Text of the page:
Arrow Review: “The Undertaking” (Season 1, Episode 21)

Emily Bett Rickards in Arrow
Unlike Digg waiting two weeks after finding out Deadshot is alive to do something about it, Felicity risking life and limb at the first sign of Walter is organic, because saving him has been her motivation as a part of Team Arrow from the start. Oliver explosively bailing Felicity out of the den of inequity is almost unnecessary, considering how entertaining her scenes are on their own, but it’s a bloody cheery on top to see Oliver dispatching of goons with even more prejudice than usual. The thematic issue of Oliver killing people still rankles, but hey, the squishing noise made when Oliver popped a guy off screen was pretty sickeningly enjoyable, no?

Turns out that was just a warmup. After parachuting (just go with it) into a protected kidnapper’s compound in The Glades, Oliver engages in a hallway fight with numerous street toughs, one that plays like an extended homage to last year’s balls-out awesome action movie The Raid: Redemption, knocking the reference home with each smack of the last thug’s head against a concrete wall. Oh, and then, just for giggles, they show Oliver walking away from the carpet of broken bones and bruised baddies he’s left in his path, just like Oh Dae-su does in Oldboy. I don’t know who decided this week would be when Arrow pays tribute to two of the best Asian action films of the last decade, but that person deserves a raise.

In less visceral ways though, “The Undertaking” still manages to strike true and with purpose. While you could quibble with Oliver telling Moira and Thea that Walter is dead based on the word of a back alley hustler, it leads to the much anticipated moment in which Oliver finds out why Moira and Malcolm spend so much time together. Amell plays the discovery, and the fallout from it, with appropriate devastation, anger, and fear. He’s just gotten a nasty reminder of what it’s like to love someone who’s life is dedicated to a lie, something Oliver has struggled to ensure no one else has to experience due to his actions. That might explain why he’s suddenly so open with his true feelings for Laurel, who as it turns out, is the only person who doesn’t realize those feelings exist.

And, yeah, Laurel. I don’t even know what to say at this point, as the continued swinging of the Will They, Won’t They pendulum toward the former has been so rushed of late, there’s nothing resembling a payoff, because nothing worth investing in was ever established. In an hour of really excellent action and story development, Laurel’s character remains the last vestige of the early soap opera elements that rear their glassy-eyed, maudlin head whenever the shippers need to be placated, or the episode seems like it could really use a five year-old Leona Lewis song.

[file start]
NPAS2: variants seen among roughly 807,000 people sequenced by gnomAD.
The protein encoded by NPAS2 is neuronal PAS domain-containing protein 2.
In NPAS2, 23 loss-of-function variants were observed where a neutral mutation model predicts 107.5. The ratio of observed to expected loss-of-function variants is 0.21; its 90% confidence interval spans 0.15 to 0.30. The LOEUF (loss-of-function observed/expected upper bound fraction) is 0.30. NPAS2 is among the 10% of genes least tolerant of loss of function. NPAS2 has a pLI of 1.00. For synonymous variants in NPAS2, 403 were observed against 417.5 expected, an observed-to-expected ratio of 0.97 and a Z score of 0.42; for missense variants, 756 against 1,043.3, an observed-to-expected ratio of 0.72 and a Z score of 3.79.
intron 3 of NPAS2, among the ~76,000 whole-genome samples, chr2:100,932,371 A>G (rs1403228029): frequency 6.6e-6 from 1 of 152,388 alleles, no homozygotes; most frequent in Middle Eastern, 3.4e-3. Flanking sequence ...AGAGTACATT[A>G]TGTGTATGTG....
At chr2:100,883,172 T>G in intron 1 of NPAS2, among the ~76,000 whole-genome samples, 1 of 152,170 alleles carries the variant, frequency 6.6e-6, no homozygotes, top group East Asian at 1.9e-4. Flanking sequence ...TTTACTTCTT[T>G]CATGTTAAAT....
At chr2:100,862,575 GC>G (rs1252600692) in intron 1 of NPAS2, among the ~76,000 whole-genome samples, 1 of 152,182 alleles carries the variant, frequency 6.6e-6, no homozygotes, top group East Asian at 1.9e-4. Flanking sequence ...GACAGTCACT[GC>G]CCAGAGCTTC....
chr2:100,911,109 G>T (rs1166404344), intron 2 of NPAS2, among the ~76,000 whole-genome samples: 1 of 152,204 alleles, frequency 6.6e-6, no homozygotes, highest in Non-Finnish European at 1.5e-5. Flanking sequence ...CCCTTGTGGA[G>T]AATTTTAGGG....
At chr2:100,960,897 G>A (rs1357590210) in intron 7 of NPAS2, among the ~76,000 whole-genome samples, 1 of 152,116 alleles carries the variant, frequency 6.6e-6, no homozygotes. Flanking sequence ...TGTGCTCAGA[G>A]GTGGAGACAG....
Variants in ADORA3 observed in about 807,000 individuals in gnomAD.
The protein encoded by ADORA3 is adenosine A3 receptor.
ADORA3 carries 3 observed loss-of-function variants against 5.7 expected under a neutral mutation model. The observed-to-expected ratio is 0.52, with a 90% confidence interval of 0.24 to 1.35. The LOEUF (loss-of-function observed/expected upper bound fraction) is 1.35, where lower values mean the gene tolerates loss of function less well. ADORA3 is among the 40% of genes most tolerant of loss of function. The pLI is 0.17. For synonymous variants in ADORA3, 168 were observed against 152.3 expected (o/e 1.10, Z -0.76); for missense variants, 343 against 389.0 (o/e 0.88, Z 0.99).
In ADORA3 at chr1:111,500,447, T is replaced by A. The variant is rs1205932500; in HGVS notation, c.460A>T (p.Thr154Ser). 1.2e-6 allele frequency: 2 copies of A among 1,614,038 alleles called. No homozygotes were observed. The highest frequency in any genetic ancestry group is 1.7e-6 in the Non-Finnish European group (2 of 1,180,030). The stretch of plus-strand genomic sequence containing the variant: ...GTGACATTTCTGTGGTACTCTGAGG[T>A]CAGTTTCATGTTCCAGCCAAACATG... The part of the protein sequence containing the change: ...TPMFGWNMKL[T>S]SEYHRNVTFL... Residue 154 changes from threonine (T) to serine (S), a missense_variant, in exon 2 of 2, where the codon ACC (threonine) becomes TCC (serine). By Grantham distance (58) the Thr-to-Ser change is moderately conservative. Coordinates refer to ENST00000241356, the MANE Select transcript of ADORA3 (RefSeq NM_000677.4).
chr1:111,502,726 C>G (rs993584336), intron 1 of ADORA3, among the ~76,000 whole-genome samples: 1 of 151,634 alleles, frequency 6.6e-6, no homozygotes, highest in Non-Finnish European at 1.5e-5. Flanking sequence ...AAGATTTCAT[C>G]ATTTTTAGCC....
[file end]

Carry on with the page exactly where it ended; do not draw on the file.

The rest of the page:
Laurel proves equally oblivious to Oliver’s real feelings in the flashbacks, though those scenes help to establish that, like Malcolm, Oliver was an asshole long before his sea change in self-awareness. The running parallel between the two goes deep in “The Undertaking,” digging into the mission that drives each hood, and the means by which they will achieve their ends. Most importantly at the moment, is that both refuse to believe rule of law, and a belief in mercy will deliver justice. Violence is their weapon; the minor difference is in whom they choose for targets, both in terms of background, and volume.

The bigger distinction is whether each man can learn from his mistakes. Malcolm is so far off the deep end he needs scuba gear, but Oliver hasn’t sunk to that level of brazen commitment to the cause just yet. The unveiling of Moira’s true involvement in Walter’s disappearance shakes Oliver’s confidence in his judgment, leading him to Digg’s door. Unlike Malcolm, Oliver is learning to accept that he isn’t Starling City’s avenging angel, much less its righteous judge. He is fallible, and he can be wrong. All the more reason to make sure that the people he can trust to tell him so are nearby when the approaching storm finally hits. “The Undertaking” is an extremely entertaining hour through and through, where most episodes offer mere flashes of inspiration. After a season of buildup, a hard rain is about to fall on Starling City. Following tonight’s episode, I’m more confident than ever that, when it comes time to, Arrow will bring the thunder.

  • Stray Thoughts

-Digg owns a saxophone. I repeat: DIGG OWNS A SAXOPHONE

-Great night for Emily Bett Rickards. Her introductions to Laurel and the Queen family were charming, and it figures she would be the one to steal a bad guy’s “here are the origins of this esoteric phrase,” speech.

-Oliver deflecting a bodyguard’s bullets pointblank using a steel briefcase was dumb. But, also great. But, also dumb. But, also great.

-Dear production designer: there exists no sweater stripe-y and colourful enough, nor jeans so casual as to make Kaite Cassidy look like a teenager. At least Amell can shave, and have his hair made appropriately boyish.

-Sorta source material nod: I think Digg’s apartment number is 616 (the last digit is hard to make out), which is the number of the core universe in Marvel comics.